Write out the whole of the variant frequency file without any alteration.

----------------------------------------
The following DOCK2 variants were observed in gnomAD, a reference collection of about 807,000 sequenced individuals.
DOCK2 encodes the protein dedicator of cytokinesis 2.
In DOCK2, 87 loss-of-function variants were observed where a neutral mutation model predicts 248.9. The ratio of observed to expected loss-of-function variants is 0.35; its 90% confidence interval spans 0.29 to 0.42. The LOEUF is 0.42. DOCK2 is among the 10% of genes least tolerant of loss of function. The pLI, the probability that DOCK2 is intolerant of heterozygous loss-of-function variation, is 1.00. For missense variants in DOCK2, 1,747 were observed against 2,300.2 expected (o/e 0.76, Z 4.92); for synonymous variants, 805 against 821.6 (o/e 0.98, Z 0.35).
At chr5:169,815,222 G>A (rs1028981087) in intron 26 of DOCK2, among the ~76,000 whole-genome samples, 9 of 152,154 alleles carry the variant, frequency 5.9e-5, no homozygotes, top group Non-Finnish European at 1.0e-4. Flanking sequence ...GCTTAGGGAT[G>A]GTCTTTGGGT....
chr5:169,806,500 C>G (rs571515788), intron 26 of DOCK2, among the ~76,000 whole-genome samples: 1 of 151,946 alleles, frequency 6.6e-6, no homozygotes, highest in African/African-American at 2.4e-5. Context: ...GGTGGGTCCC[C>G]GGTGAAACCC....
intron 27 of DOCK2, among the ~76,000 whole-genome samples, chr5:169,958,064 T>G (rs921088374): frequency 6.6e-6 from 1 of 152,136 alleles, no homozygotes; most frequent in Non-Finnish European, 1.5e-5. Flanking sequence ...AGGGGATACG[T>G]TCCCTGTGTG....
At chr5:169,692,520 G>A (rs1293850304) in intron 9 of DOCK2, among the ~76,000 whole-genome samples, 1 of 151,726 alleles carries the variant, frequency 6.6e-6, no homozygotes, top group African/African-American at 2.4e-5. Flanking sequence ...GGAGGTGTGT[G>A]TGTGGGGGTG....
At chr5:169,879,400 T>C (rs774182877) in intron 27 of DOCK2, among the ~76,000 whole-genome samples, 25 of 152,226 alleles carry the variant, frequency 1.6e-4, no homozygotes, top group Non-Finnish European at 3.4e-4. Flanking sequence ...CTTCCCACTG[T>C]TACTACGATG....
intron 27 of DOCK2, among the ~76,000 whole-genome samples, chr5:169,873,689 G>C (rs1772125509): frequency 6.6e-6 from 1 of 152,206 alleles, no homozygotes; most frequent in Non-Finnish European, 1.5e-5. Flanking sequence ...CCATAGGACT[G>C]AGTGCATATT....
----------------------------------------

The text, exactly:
The following DOCK2 variants were observed in gnomAD, a reference collection of about 807,000 sequenced individuals.
DOCK2 encodes the protein dedicator of cytokinesis 2.
In DOCK2, 87 loss-of-function variants were observed where a neutral mutation model predicts 248.9. The ratio of observed to expected loss-of-function variants is 0.35; its 90% confidence interval spans 0.29 to 0.42. The LOEUF is 0.42. DOCK2 is among the 10% of genes least tolerant of loss of function. The pLI, the probability that DOCK2 is intolerant of heterozygous loss-of-function variation, is 1.00. For missense variants in DOCK2, 1,747 were observed against 2,300.2 expected (o/e 0.76, Z 4.92); for synonymous variants, 805 against 821.6 (o/e 0.98, Z 0.35).
At chr5:169,815,222 G>A (rs1028981087) in intron 26 of DOCK2, among the ~76,000 whole-genome samples, 9 of 152,154 alleles carry the variant, frequency 5.9e-5, no homozygotes, top group Non-Finnish European at 1.0e-4. Flanking sequence ...GCTTAGGGAT[G>A]GTCTTTGGGT....
chr5:169,806,500 C>G (rs571515788), intron 26 of DOCK2, among the ~76,000 whole-genome samples: 1 of 151,946 alleles, frequency 6.6e-6, no homozygotes, highest in African/African-American at 2.4e-5. Context: ...GGTGGGTCCC[C>G]GGTGAAACCC....
intron 27 of DOCK2, among the ~76,000 whole-genome samples, chr5:169,958,064 T>G (rs921088374): frequency 6.6e-6 from 1 of 152,136 alleles, no homozygotes; most frequent in Non-Finnish European, 1.5e-5. Flanking sequence ...AGGGGATACG[T>G]TCCCTGTGTG....
At chr5:169,692,520 G>A (rs1293850304) in intron 9 of DOCK2, among the ~76,000 whole-genome samples, 1 of 151,726 alleles carries the variant, frequency 6.6e-6, no homozygotes, top group African/African-American at 2.4e-5. Flanking sequence ...GGAGGTGTGT[G>A]TGTGGGGGTG....
At chr5:169,879,400 T>C (rs774182877) in intron 27 of DOCK2, among the ~76,000 whole-genome samples, 25 of 152,226 alleles carry the variant, frequency 1.6e-4, no homozygotes, top group Non-Finnish European at 3.4e-4. Flanking sequence ...CTTCCCACTG[T>C]TACTACGATG....
intron 27 of DOCK2, among the ~76,000 whole-genome samples, chr5:169,873,689 G>C (rs1772125509): frequency 6.6e-6 from 1 of 152,206 alleles, no homozygotes; most frequent in Non-Finnish European, 1.5e-5. Flanking sequence ...CCATAGGACT[G>C]AGTGCATATT....